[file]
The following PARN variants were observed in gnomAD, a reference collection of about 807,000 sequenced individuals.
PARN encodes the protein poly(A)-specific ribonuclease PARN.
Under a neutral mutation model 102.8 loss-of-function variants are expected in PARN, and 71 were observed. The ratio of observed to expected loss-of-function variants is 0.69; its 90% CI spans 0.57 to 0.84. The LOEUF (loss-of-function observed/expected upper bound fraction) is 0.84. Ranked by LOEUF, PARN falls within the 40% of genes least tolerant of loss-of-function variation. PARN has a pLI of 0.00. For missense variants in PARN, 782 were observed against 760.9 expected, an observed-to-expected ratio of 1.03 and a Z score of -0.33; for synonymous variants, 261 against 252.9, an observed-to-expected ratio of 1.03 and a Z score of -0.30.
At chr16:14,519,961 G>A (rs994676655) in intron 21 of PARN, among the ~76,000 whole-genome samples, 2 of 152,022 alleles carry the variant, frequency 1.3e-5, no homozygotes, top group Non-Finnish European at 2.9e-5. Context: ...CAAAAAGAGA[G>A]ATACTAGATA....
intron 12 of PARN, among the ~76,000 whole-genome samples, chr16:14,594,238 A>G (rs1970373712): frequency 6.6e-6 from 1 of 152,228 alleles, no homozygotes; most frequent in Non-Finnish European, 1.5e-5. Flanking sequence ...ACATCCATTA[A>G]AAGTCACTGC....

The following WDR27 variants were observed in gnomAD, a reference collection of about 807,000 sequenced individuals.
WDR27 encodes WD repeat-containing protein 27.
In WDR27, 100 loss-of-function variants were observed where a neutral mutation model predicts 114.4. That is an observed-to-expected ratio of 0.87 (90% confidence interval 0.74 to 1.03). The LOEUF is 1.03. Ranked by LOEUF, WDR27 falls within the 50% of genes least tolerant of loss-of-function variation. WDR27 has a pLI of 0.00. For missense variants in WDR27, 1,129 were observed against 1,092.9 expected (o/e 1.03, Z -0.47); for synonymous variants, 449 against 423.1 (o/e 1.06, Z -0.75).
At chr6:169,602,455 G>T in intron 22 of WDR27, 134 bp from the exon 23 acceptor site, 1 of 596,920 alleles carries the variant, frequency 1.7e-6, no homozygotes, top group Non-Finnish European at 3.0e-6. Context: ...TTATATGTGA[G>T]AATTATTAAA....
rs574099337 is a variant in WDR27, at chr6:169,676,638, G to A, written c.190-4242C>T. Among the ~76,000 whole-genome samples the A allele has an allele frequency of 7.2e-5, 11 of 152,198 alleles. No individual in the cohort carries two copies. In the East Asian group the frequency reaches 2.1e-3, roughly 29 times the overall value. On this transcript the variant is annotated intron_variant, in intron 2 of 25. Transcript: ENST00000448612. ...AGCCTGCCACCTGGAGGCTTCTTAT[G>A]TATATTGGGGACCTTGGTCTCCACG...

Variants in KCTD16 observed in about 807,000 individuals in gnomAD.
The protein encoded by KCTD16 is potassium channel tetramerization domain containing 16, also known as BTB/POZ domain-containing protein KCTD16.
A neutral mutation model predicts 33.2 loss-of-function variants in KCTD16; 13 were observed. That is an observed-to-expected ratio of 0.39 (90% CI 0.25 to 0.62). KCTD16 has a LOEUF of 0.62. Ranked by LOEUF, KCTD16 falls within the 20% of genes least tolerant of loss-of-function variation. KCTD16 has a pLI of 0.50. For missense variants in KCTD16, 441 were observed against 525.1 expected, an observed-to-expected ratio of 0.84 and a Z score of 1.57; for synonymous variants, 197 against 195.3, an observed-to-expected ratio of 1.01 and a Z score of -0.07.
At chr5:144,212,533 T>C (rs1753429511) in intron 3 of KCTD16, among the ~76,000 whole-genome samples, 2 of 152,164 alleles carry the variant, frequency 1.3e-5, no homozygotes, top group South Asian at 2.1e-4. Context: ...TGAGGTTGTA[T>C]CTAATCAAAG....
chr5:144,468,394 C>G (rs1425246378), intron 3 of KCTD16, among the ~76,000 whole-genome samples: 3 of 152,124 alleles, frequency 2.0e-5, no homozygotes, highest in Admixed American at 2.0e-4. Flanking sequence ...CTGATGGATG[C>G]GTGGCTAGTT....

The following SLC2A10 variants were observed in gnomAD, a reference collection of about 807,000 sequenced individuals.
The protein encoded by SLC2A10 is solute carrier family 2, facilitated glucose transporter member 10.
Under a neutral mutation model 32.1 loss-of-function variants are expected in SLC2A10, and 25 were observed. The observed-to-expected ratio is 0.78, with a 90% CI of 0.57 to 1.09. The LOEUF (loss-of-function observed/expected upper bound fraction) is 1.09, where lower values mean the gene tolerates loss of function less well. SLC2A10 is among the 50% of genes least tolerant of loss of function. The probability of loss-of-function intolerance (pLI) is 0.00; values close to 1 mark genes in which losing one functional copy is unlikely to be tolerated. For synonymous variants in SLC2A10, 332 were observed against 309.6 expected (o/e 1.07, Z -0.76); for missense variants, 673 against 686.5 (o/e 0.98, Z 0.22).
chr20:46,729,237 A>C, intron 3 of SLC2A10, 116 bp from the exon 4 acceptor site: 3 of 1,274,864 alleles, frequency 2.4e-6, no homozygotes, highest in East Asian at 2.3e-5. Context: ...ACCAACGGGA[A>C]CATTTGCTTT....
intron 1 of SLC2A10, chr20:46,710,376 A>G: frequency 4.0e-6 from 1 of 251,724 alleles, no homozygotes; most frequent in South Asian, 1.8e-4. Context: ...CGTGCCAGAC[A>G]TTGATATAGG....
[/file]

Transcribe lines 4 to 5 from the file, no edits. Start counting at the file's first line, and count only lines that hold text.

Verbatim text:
At chr16:14,519,961 G>A (rs994676655) in intron 21 of PARN, among the ~76,000 whole-genome samples, 2 of 152,022 alleles carry the variant, frequency 1.3e-5, no homozygotes, top group Non-Finnish European at 2.9e-5. Context: ...CAAAAAGAGA[G>A]ATACTAGATA....
intron 12 of PARN, among the ~76,000 whole-genome samples, chr16:14,594,238 A>G (rs1970373712): frequency 6.6e-6 from 1 of 152,228 alleles, no homozygotes; most frequent in Non-Finnish European, 1.5e-5. Flanking sequence ...ACATCCATTA[A>G]AAGTCACTGC....